Book Review: Foundation and Empire by Isaac Asimov
Foundation and Empire is the second book in the Foundation series written by Isaac Asimov. This book is split up into 2 separate stories. The first story is about a general that is bound and determined to take on the Foundation and bring it to it’s knees at the foot of the Empire. The second story is about the elusive mutant called The Mule, who mounts a successful campaign that defies the visions of Hari Seldon and does bring about the fall of the first Foundation.
Like the first book, the writing sets up scenes where people talk about what is going on and how it effects the empire or the Foundation. Think of a play or 12 Angry Men, and you get the idea of how the story is presented. For example, in the second story when The Mule comes to take over the Foundation, they look to the sky, see his ship, and basically declare that he has won. I will concede that there is a reason for this, at least in the second story, but it’s a different kind of writing than the space opera action that most people are into.
The first story and then the first half of the second story was a slow grind slog to get through. However, in the very last chapters of the second story, things start coming together and their is a massive revelation made, followed by a cliffhanger that demands one read the next book in the series.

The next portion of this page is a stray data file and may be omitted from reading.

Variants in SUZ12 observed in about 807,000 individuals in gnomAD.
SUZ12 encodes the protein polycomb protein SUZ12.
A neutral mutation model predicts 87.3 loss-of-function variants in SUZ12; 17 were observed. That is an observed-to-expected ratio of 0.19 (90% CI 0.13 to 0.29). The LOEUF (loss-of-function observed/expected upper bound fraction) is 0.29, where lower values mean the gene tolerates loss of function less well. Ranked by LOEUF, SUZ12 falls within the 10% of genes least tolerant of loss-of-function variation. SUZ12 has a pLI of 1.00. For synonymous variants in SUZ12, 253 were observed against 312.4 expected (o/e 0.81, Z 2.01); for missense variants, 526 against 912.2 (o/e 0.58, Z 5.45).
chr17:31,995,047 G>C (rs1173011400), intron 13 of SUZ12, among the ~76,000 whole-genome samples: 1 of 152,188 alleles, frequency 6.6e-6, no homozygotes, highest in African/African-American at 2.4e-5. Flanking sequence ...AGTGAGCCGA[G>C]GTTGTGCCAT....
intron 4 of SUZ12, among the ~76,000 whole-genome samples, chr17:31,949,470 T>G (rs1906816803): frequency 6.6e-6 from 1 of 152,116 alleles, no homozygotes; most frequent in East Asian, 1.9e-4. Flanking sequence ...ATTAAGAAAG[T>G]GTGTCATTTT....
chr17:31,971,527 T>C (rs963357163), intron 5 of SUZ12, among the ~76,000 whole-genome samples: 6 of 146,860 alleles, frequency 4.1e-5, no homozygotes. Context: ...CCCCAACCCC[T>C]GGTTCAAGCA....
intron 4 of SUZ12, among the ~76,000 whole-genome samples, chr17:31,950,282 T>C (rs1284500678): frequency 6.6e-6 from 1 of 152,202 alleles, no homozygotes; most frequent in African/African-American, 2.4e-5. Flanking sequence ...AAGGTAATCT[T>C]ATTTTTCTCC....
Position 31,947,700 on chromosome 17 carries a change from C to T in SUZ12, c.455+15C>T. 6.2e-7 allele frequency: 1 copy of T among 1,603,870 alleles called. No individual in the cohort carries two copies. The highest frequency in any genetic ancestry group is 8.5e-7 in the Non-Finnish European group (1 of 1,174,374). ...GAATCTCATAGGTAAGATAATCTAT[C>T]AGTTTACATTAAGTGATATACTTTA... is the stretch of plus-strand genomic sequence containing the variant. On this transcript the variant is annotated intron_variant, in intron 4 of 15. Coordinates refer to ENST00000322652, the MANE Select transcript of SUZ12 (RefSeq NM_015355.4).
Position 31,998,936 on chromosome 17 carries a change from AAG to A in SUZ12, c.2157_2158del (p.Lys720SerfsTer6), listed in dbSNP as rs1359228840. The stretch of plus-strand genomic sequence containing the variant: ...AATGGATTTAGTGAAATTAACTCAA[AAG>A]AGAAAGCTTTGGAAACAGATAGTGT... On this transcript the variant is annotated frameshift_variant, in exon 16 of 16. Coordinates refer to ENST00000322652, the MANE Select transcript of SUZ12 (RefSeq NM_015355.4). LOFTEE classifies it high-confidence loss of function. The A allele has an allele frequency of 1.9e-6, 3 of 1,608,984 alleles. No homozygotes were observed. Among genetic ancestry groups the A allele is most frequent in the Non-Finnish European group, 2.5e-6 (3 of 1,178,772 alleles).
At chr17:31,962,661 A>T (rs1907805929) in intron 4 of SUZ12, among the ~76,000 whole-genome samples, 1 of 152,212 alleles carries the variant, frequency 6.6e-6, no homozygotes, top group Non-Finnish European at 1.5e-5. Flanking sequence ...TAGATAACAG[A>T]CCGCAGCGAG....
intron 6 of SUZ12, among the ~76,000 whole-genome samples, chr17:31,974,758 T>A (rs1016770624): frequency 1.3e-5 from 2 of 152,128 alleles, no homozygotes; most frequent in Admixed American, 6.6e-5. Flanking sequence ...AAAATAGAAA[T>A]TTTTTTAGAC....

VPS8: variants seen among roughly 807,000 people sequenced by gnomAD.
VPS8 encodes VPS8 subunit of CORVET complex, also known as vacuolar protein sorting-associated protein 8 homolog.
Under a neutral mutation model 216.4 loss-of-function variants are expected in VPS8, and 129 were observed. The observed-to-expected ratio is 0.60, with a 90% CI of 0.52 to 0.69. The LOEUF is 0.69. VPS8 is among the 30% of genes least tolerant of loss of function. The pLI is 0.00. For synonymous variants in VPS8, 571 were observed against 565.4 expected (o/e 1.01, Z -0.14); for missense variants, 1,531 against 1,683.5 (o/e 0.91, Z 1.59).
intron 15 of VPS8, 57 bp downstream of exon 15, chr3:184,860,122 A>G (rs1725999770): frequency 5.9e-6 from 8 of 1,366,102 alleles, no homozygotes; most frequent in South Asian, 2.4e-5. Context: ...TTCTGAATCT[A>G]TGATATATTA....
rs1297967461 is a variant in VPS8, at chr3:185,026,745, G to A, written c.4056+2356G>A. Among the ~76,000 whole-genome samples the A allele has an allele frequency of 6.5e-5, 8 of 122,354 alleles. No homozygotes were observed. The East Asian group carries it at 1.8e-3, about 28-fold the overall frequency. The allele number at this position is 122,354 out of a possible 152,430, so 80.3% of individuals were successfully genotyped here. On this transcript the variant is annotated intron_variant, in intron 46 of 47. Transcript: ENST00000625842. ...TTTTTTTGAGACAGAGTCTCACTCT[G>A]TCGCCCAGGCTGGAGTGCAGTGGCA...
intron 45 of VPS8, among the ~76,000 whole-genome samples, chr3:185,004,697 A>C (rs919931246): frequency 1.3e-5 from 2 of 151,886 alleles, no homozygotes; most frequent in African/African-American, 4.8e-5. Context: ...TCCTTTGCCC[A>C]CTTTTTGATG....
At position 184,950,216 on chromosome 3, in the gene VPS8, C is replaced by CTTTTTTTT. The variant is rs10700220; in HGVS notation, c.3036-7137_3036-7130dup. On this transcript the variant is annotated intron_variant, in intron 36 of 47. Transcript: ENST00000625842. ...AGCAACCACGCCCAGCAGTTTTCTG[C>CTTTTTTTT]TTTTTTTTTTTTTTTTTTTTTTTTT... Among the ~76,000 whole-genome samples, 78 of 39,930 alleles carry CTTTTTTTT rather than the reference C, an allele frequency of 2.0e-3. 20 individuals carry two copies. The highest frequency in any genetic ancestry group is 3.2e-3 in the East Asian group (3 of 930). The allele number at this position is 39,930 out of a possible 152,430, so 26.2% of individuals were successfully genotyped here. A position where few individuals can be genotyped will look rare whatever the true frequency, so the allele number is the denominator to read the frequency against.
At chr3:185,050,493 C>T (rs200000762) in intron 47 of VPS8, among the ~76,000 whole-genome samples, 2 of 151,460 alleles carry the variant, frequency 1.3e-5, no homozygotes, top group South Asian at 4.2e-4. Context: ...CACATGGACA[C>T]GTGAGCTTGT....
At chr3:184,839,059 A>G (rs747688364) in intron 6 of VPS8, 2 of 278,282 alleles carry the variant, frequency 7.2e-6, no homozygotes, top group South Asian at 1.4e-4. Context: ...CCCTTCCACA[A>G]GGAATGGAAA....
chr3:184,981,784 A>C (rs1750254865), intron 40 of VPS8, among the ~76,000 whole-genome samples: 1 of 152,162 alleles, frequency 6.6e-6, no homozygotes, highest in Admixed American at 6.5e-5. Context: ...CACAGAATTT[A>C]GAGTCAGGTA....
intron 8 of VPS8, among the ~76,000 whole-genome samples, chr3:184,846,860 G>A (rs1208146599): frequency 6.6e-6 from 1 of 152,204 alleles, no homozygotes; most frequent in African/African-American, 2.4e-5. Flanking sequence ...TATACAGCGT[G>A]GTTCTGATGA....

In fact, the second story actually fleshes out some characters, unlike all of the short stories proceeding it. I actually felt like it started to become an actual story that had a place to go. The characters travel to New Trantor in the search for the location of the Second Foundation, now that the first one has fallen to The Mule, and we actually get some cohesion between them. Enough that when a revelation is made, it has an actual impact on the reader, for sticking with the story.
I’m not planning on diving right into the next book, Second Foundation, just because of the cliffhanger. I need some breathing room when it comes Isaac Asimov’s writing style. He’s more about selling the reader an idea of something, rather than putting forth a story that has a definitive beginning, middle, and end. The jumping around from one character to the next and one story to the next, takes the reader out of the entire story to a large degree and makes it hard to see where the author is taking us, or even why we should follow. I will get to the third book eventually. Just not right now.
To read my review on the first book, follow the link: Foundation
2021 Book Title Completion Count: 29